With Insurgent having just opened, fans of the Divergent book series will be watching closely to spot the elements from Veronica Roth’s second novel that made the jump to the big screen. Everyone else will be spotting how many elements from other movies seem to pop up in the dystopian YA blockbuster.
The film, directed by R.I.P.D.’s Robert Schwentke, recalls a whole roster of other sci-fi, YA, and fantasy movies new and old, from Star Wars to The Matrix and, of course, The Hunger Games. Here’s a list of movies we kept while watching Shailene Woodley, Theo James, and friends fight their way to the truth.
When Tris, Four, and Caleb make it to the secret headquarters of the Faction rejects, they find a motley crew of young people dressed in hand-me-down clothes, and sporting makeshift armors and weapons. It looked like a much scarier, more high-stakes version of the Lost Boys’ tree house in Hook, with huge machine guns instead of blow darts and catapults.
The Hunger Games: Mockingjay — Parts 1 and 2
An A-list actress comes into a dystopian YA franchise mid-stream to play a rebel leader who may harbor evil intentions, and who takes power with the help of our heroine? Sounds familiar! The difference here is that Evelyn is Four’s long-lost mom, so we have more reason to be suspicious of her, but Tris seems to think she’s trustworthy.
Marvel’s The Avengers
The mysterious box being sought by Kate Winslet’s Jeanine is remarkably powerful — much like the mystery box that Loki is after in The Avengers. We don’t know what’s in it, but the villain is willing to kill in abundance to get their hands on it.
Despite having highly advanced technology that can read peoples’ minds and project Winslet’s face on skyscrapers, the government of Chicago just cannot find a way to rebuild any of the miles of bombed-out buildings. In both George Orwell’s classic novel 1984 and its big screen adaptation it’s by design that The Party keeps the proles in squalor, but it’s unclear why things haven’t gotten better, infrastructure-wise, in Insurgent, since the evil villain isn’t exactly the head of the government yet.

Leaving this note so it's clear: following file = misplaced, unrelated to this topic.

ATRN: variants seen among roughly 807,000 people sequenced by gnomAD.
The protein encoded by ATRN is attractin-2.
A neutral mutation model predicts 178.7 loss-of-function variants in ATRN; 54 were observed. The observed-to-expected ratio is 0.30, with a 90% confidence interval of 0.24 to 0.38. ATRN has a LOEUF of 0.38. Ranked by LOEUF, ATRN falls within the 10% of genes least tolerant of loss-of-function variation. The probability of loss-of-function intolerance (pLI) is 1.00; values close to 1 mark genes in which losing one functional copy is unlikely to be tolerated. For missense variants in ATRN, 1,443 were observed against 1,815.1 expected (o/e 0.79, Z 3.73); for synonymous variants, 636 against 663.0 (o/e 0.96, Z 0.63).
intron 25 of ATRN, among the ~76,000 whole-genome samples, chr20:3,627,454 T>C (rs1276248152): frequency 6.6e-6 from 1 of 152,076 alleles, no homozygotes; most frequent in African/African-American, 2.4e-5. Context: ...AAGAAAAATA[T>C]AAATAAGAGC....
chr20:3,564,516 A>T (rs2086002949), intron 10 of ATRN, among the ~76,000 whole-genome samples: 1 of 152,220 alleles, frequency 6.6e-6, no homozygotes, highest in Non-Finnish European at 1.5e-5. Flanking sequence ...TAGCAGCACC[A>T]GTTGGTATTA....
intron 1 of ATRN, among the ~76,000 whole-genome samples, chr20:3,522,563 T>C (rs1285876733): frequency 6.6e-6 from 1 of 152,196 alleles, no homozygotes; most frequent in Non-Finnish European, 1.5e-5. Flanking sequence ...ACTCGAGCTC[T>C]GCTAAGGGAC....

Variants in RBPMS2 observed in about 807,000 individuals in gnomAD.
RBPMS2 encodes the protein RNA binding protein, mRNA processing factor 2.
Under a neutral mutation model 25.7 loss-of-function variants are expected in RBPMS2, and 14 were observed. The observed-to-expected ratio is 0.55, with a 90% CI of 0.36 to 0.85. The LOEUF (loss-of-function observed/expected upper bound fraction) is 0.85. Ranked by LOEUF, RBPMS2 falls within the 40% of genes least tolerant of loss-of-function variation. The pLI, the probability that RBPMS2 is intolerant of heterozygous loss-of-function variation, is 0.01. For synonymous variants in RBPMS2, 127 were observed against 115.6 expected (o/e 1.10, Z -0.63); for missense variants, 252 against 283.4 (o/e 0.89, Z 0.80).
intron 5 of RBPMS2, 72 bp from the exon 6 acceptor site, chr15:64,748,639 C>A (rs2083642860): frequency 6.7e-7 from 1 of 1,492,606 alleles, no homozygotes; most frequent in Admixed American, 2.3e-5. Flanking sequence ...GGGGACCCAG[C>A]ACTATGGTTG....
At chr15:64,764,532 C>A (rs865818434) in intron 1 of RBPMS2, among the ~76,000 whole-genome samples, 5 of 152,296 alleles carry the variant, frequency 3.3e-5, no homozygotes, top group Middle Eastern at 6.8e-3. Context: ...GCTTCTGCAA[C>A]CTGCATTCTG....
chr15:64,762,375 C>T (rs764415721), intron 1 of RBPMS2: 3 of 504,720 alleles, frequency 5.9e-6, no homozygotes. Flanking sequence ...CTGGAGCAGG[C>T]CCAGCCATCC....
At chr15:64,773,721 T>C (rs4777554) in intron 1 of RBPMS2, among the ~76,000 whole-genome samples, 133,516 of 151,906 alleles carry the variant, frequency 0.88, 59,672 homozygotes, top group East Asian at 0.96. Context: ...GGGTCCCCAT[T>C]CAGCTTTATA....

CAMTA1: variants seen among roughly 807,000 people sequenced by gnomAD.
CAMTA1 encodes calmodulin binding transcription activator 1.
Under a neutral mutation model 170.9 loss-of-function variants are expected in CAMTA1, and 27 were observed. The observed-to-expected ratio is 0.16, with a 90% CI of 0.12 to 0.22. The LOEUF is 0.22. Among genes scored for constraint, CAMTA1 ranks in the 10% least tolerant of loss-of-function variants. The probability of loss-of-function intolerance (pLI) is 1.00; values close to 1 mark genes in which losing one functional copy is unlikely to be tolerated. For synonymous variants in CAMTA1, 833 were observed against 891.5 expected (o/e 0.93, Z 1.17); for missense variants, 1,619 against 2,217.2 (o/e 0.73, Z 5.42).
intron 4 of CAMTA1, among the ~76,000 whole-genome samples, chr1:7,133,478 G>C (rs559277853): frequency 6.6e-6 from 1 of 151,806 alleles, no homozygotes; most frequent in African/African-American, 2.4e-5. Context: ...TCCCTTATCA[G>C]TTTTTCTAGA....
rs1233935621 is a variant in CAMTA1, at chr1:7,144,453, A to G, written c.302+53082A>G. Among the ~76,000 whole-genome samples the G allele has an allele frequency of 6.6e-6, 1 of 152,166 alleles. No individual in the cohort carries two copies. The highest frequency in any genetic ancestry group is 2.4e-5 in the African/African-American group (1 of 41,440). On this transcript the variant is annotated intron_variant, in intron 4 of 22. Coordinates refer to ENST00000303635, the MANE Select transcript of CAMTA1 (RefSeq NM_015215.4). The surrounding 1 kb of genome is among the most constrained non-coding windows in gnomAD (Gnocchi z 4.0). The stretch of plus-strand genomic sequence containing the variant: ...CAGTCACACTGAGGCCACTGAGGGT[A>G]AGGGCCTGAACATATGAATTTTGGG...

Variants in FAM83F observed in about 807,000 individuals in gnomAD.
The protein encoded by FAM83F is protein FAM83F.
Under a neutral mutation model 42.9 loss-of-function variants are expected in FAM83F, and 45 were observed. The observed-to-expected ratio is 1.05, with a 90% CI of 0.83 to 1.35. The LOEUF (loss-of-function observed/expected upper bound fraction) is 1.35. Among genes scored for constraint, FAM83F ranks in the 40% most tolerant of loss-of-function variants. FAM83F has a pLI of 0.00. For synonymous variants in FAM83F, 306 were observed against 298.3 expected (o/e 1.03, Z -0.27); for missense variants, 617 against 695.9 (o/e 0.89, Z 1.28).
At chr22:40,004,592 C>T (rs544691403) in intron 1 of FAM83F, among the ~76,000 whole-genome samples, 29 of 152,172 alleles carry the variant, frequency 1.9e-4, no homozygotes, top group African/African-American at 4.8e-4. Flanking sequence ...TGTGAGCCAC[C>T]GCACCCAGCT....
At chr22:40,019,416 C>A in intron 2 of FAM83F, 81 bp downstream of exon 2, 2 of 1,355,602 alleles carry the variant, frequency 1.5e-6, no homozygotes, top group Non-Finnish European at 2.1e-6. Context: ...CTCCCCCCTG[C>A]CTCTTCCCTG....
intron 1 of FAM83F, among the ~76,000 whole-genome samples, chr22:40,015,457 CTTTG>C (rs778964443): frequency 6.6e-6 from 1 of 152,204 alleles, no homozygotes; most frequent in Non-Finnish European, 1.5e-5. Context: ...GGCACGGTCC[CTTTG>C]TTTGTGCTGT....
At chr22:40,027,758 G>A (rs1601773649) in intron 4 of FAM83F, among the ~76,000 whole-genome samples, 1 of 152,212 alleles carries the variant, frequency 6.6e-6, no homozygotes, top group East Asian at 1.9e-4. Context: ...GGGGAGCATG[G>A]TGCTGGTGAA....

It is an unfortunate staple of YA and fantasy fiction that at formative times in their lives, young people are separated into groups based on the personality traits dominating their ever-changing brains at that very moment. It worked out for Harry Potter, since he got to stay with BFFs Ron and Hermoine, and, in the end, perhaps deciding to join Dauntless will turn out to be a good call by Tris. But still, why divide kids like that? That’s not very progressive!
Inception and The Matrix
Tris spends about half of Insurgent either having incredibly realistic nightmares, or being hooked up to a bunch of tubes that read her mind and force her to live out her worse fears. It’s stressful, and also reminiscent of the much more complex Inception, which saw Leonardo DiCaprio and friends dive deep into various peoples’ subconsciousnesses. It also reminds one of The Matrix, with its army of humans plugged into simulations of better lives.
The Empire Strikes Back and Return of the Jedi
A cocky, charismatic supporting character who plays for both teams, depending on his own best interest? Miles Teller's Peter, who is the best part of Insurgent, is a worthy successor to Billy Dee Williams' Lando Calrissian — and he even dresses like him.
Jordan Zakarin writes for Yahoo Movies